What is emergency contraception?
If you have had sex without using contraception, or a condom has split or come off, emergency contraception could help prevent pregnancy (not STIs). You may also need it if you have missed a pill or are late for a contraceptive injection. But you need to act fast!
When should I take emergency contraception?
Up to 5 days or 120 hours after having unprotected sex. It works better the sooner you take it, so get help quickly. The quicker you take it the less likely you are to get pregnant.
There are many, very effective contraception options you can choose from to make sure you are always protected – see our contraception page (add link here) and talk to a nurse or doctor about what contraception is right for you.
Remember, there may still be a risk of STIs so it's a good idea to get checked too.
Who can take it or get it?
Only females can get emergency contraception — the best thing for men to do is to use a condom correctly every time they have sex.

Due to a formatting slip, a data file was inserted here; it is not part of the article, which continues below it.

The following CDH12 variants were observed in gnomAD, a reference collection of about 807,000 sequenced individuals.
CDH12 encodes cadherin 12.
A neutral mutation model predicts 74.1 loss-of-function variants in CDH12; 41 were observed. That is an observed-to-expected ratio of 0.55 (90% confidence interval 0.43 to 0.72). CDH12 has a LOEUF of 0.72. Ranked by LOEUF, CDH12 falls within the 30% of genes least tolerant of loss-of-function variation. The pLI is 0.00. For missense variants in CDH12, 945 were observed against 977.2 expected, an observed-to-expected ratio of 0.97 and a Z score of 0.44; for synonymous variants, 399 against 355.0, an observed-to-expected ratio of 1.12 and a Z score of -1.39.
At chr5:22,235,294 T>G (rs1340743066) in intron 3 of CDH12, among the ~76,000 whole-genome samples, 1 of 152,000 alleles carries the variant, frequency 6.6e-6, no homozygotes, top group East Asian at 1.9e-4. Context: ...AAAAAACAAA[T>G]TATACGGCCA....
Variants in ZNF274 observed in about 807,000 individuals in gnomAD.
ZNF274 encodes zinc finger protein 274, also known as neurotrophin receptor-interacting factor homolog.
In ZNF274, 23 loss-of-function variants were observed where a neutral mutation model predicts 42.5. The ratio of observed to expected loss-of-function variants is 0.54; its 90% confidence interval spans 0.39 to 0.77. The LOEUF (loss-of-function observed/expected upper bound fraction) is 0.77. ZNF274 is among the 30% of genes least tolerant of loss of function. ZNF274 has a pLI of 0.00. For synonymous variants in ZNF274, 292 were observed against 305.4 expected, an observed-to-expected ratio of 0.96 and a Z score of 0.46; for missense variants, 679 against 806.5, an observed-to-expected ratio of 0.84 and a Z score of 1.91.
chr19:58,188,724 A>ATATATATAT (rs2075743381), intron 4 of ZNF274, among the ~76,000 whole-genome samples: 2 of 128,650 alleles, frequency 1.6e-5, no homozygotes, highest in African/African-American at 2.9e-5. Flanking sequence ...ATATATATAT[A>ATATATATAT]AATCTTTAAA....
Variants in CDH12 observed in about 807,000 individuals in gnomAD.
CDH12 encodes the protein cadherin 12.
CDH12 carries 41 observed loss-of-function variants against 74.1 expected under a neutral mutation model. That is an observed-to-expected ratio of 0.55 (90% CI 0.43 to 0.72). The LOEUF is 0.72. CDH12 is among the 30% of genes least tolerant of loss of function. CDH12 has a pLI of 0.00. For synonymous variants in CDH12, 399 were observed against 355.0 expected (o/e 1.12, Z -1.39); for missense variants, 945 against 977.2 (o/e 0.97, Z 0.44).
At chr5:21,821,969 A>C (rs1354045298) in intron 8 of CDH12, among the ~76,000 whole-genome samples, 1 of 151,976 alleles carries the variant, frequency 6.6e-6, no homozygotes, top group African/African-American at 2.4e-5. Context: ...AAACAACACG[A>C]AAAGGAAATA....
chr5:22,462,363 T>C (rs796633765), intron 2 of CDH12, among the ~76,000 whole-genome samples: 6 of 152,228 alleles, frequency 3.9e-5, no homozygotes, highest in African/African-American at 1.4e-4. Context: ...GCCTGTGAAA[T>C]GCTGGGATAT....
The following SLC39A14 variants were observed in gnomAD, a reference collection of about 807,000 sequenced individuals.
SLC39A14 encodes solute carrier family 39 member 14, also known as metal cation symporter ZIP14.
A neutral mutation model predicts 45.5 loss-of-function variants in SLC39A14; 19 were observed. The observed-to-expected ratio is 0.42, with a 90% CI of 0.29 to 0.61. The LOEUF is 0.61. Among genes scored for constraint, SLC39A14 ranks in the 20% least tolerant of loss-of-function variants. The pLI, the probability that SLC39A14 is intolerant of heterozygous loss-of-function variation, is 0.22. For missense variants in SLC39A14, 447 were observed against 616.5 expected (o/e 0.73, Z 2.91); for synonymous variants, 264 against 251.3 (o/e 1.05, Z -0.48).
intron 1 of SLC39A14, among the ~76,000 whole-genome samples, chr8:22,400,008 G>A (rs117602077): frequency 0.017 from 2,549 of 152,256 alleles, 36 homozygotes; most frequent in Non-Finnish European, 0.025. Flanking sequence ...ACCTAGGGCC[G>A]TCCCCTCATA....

An intrauterine device (IUD), also known as the coil is a device the size of a matchstick that is inserted into the womb to prevent pregnancy. It’s up to 99.9% effective and can be fitted up to 5 days after having unprotected sex, and sometimes even later than that depending on when your last period was. The IUD can then be used as your regular method of contraception for between 5-10 years. If you don’t want to do this for some reason, then it can be removed during or after your next period.
EllaOne is a pill that can be taken up to five days after unprotected sex. It’s up to 95% effective. It will not protect you against more unprotected sex.
Levonelle (also known as the “morning-after pill”) can be taken up to three days (72 hours) after unprotected sex. It’s up to 95% effective within 24 hours after sex, and only 56% effective if taken between 48-72 hours after sex. It will not protect you against more unprotected sex. It may be the better choice if you are taking hormonal contraception, or want to start this straight away.